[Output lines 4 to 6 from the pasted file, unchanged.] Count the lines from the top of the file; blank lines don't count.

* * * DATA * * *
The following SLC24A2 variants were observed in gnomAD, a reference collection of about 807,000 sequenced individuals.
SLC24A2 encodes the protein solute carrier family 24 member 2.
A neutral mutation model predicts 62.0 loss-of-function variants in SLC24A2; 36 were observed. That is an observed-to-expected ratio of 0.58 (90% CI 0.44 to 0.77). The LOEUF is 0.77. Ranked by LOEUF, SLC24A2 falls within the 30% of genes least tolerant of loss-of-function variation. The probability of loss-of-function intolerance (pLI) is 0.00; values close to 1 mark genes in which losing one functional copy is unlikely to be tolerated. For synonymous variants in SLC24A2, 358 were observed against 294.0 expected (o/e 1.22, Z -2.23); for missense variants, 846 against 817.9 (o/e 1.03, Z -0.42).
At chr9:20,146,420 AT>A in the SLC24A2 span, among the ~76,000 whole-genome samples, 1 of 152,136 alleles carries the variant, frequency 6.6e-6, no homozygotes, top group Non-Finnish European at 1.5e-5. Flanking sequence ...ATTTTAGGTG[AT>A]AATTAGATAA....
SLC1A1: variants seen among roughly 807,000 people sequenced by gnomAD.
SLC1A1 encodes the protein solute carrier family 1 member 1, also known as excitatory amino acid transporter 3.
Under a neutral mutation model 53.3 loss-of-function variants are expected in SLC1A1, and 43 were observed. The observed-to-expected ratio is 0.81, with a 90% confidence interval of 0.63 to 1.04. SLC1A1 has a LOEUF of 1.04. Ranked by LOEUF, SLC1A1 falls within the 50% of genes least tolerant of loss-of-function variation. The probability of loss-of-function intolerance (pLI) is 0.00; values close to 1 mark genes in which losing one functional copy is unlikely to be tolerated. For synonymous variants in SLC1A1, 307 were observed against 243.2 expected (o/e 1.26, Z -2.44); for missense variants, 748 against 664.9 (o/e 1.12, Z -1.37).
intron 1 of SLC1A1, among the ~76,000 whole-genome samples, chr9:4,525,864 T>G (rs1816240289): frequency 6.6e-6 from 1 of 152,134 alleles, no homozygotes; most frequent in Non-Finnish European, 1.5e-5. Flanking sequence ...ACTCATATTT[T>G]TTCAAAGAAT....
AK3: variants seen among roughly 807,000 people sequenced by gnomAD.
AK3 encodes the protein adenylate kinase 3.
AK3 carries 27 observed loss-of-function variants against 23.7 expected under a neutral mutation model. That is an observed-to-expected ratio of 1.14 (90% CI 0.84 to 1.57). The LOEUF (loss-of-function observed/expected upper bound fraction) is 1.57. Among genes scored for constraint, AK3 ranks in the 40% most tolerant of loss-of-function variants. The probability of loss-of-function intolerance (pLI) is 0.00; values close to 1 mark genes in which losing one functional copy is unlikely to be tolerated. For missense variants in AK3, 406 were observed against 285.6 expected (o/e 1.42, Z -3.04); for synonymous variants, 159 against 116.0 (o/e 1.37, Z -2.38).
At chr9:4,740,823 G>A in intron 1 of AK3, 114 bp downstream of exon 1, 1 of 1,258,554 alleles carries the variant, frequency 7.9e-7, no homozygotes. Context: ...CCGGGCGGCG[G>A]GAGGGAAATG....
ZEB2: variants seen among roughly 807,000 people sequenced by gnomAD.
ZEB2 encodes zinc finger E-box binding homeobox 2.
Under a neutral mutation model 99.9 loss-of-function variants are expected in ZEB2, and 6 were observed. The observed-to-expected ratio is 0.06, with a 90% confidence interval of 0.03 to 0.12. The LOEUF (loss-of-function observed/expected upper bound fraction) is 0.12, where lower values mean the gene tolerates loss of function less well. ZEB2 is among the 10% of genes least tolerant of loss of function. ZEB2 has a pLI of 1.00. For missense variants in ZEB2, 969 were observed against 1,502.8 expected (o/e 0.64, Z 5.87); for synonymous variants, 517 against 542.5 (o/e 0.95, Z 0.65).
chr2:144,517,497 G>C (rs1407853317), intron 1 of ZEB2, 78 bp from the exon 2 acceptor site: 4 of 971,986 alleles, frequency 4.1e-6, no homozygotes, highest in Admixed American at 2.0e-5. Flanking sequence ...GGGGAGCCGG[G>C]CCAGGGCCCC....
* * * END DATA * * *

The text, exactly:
At chr9:20,146,420 AT>A in the SLC24A2 span, among the ~76,000 whole-genome samples, 1 of 152,136 alleles carries the variant, frequency 6.6e-6, no homozygotes, top group Non-Finnish European at 1.5e-5. Flanking sequence ...ATTTTAGGTG[AT>A]AATTAGATAA....
SLC1A1: variants seen among roughly 807,000 people sequenced by gnomAD.
SLC1A1 encodes the protein solute carrier family 1 member 1, also known as excitatory amino acid transporter 3.